Article

Is there a "Glass cliff or a solid ledge for female appointees to the board of directors?

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Abstract

Ryan and Haslam (2005) report that women are appointed to senior leadership roles at firms that have recently experienced poor financial performance thus placing the appointee in a precarious position with a higher probability of failure. In contrast to the widely cited concept of the "glass ceiling," Ryan and Haslam's view their 2005 result as evidence of a "glass cliff" for females. However, there has been limited empirical support for this view, plus some contradictory findings (Adams, Gupta, and Leeth, 2009). To further test Ryan and Haslam's hypothesis, this study uses a larger and updated dataset of female board member appointments for Canada. The findings, based on a matched sample methodology, suggest that the glass cliff phenomenon is not apparent for board level appointments made in Canada. In fact, the finding of superior stock market performance in the pre-appointment period for companies appointing female directors may suggest the existence of a solid ledge, not a glass cliff, for female board appointees. In addition, the finding of superior market performance in the post-appointment period for companies that appoint males to the board supports Judge's (2003) antidotal study that motivated this type of research. Overall, the paper further advances the research concerning the theory of a glass cliff.

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... Some studies even find opposite effects. In Canada, Hennessey, MacDonald, and Carroll (2014) find that women enter corporate board positions when companies are experiencing strong stock market performance, thus meet a "solid ledge" not a glass cliff. Similarly, Adams, Gupta, and Leeth (2009) find that women are appointed to leadership positions in US firms when the firms are in good financial health. ...
... The seeming contradiction in these measures may point toward a short-term vs. long-term distinction: perhaps women are appointed under conditions of longer-term financial healthrequired to build a fund balance and take care of capital assetsbut short-term spending. If so, these findings contradict the glass cliff and, rather, suggest a "solid ledge" similar to that found by Hennessey, MacDonald, and Carroll (2014) and Adams, Gupta, and Leeth (2009). ...
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Women are still underrepresented as public-sector organizational leaders, despite comprising half of the United States public-sector workforce. To explore the factors driving gender imbalance, this Element employs a problem-driven approach to examine gender imbalance in local government management. We use multiple methods, inductive and deductive research, and different theoretical frames for exploring why so few women are city or county managers. Our interviews, resume analysis and secondary data analysis suggesting that women in local government management face a complex puzzle of gendered experiences, career paths and appointment circumstances that lend insights into gender imbalanced leadership in this domain.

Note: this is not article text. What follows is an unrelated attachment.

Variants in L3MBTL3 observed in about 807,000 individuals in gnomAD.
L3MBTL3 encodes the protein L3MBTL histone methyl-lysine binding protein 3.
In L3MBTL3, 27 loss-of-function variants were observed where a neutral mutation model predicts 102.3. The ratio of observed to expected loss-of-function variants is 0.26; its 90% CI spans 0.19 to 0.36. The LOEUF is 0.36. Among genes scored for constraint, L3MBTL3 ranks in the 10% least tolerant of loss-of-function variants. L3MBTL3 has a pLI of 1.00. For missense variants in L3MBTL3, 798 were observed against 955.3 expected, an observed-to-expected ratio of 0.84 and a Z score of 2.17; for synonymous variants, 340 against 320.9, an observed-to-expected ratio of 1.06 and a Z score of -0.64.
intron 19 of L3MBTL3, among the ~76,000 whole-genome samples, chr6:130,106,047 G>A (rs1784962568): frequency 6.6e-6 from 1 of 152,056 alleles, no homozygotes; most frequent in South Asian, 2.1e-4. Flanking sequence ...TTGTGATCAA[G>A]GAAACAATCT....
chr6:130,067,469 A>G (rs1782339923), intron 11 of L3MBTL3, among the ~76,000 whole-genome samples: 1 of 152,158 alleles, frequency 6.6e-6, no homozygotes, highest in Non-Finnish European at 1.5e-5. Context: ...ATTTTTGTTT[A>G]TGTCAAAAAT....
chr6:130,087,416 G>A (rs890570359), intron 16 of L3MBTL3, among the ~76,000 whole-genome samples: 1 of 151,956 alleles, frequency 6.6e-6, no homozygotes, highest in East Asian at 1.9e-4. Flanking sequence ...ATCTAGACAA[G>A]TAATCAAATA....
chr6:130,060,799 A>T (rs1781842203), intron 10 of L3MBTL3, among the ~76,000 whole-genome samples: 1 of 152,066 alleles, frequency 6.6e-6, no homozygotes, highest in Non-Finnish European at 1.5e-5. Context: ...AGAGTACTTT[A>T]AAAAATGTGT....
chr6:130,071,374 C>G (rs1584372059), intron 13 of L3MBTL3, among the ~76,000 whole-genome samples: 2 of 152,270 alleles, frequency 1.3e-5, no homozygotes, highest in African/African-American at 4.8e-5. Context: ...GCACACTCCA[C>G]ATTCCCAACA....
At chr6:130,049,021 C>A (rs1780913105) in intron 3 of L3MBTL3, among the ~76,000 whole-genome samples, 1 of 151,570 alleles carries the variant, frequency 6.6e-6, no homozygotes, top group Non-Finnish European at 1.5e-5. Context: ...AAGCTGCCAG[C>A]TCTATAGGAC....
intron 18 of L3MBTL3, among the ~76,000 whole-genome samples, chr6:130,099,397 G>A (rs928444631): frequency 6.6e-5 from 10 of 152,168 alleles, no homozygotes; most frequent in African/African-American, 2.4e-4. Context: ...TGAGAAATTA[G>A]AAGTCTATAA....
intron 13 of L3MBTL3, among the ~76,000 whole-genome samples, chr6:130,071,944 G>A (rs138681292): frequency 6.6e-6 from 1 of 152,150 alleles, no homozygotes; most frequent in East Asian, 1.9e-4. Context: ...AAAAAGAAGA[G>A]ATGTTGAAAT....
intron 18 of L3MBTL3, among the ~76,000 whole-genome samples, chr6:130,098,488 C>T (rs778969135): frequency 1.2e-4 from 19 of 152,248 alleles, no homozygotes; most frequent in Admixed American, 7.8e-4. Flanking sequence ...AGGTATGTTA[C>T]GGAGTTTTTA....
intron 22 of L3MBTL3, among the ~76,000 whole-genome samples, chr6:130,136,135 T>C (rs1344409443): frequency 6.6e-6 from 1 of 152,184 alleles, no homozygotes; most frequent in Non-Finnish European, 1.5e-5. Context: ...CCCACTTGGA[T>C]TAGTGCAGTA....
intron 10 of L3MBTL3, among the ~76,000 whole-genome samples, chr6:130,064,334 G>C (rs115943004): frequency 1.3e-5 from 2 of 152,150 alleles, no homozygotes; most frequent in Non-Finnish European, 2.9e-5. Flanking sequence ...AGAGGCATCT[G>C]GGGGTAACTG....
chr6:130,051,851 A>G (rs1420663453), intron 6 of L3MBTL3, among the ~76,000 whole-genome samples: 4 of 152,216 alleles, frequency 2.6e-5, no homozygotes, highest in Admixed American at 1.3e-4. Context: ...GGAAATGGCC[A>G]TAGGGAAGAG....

... Also, researchers such as Bruckmüller et al. (2014, p. 207) point out that women are more likely to be appointed to lead companies "in situation of crisis", as they are often thought to possess "soft skills" or competence in handling situations involving other people. Such situations place them in environments which are associated with a relatively higher levels of stress and probability of failure in management (Hennessey et al., 2014), although as pointed out by Hunt-Earle (2012), ambitious women managers may also view such high-risk situations to be more of an opportunity to prove their leadership skills and climb up the management ladder. ...
... CEO position for women (1999) examined the glass ceiling issue in relation to the female representation on the corporate boards. With regards to the glass cliff phenomenon, Sabharwal (2013) investigated the intention of women in senior executive services in US federal government agencies to leave their jobs within a year using four key variables (influence over policies, empowerment, organizational justice/equity and work-life balance issues), while Hennessey et al. (2014) examined whether the appointment of women to the Board of Directors is influenced by security market performance of companies. Hunt-Earle (2012) studied the glass cliff phenomenon through application to the recruitment industry. ...
... The glass cliff phenomenon is currently a debated theory, however. For example, bothAdams, Gupta, and Leeth (2009) and Hennessey, MacDonald, and Carroll (2014) find that women were appointed CEOs or to the board of directors in companies that had stronger stock market performances. ...